Assembling the Application

Finally, you can integrate the classes and templates into a complete application. This section creates a dual web and command-line program that shares the same set of code but abstracts out the details, such as processing the different sources of input data.

Creating the Web Version

The web version gets its input from a form embedded in the HTML template’s header, as shown in Example 10-19.

Example 10-19. Web-enabled address book application

// Configure format-specific details
$input = $_POST;
$template = new htmlTemplate;

// Set mode
if (isset($input['mode'])) {
    $mode = $input['mode'];
} else {
    $mode = false;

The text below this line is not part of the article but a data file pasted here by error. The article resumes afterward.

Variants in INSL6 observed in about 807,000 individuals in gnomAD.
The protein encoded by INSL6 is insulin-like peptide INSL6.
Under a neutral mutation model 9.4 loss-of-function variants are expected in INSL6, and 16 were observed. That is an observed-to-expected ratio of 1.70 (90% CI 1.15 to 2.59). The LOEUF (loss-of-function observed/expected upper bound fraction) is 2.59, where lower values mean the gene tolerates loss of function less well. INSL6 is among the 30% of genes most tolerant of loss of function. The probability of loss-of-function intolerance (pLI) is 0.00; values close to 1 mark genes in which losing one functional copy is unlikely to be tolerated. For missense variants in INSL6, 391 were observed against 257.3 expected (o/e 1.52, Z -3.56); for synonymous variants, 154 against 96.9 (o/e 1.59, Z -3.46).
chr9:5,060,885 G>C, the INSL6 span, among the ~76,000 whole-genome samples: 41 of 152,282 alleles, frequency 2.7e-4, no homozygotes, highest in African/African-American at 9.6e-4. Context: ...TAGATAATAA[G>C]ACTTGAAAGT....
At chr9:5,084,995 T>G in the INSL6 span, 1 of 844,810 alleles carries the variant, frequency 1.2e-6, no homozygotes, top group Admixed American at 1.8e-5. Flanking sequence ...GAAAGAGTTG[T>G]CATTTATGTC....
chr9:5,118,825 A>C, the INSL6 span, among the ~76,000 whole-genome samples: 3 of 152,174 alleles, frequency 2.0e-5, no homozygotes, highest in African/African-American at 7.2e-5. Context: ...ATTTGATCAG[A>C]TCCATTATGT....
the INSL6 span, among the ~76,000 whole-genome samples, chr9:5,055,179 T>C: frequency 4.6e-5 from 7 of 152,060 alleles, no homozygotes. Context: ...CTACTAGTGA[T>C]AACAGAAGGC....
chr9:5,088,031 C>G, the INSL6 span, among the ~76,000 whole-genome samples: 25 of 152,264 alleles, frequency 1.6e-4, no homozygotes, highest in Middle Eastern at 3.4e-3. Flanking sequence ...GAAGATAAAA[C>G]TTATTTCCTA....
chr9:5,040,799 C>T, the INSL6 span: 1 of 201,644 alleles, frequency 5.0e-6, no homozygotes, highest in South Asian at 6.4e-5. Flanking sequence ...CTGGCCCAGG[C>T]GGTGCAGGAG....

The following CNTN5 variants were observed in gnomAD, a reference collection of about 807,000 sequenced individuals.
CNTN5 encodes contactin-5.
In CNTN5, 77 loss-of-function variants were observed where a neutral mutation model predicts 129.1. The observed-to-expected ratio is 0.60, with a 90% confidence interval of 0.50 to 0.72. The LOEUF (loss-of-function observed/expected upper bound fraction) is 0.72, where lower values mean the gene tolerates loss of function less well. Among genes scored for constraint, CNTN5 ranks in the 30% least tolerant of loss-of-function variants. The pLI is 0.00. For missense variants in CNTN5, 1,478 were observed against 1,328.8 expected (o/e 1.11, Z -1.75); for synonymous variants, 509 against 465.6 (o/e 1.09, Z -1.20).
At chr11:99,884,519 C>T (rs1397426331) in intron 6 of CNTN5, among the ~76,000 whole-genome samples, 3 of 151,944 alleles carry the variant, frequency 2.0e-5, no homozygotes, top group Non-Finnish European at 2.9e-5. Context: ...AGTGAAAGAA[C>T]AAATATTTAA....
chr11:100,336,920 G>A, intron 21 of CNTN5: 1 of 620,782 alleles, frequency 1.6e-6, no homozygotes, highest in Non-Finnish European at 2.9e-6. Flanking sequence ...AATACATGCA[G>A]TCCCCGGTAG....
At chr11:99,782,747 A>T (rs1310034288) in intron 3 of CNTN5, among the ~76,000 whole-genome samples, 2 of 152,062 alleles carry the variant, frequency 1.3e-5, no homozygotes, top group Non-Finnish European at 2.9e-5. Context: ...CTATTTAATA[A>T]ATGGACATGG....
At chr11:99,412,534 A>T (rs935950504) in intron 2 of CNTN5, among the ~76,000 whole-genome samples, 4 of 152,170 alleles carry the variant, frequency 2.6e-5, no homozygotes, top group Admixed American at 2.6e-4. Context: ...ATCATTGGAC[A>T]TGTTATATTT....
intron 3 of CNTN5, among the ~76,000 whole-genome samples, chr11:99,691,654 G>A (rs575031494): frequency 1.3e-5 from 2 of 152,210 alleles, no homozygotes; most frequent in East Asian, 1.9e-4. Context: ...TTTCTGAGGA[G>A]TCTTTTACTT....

try { 
    // Create address book
    $ab = new addressBook;
    // Load data into Person
    $person = new Person($input);
    // Add person, if necessary
    if ($mode =  = 'add') {
    // Return results
    // Print page
} catch (Exception $e) {
    $ob = ob_start( );
    print $e;
    error_log(ob_get_clean( ));

At the top of Example 10-19, you set a few configuration variables. Since this is the web version, the $input comes from $_POST and the $template is an htmlTemplate. Later, you will set $input and $template to different values in the command-line version.

The $mode variable, which controls whether you should add a new person, is assigned using the mode element of the input source.

Once everything is set up, create the addressBook and Person objects. Use the $input array to configure Person.

Now, if the $mode ...

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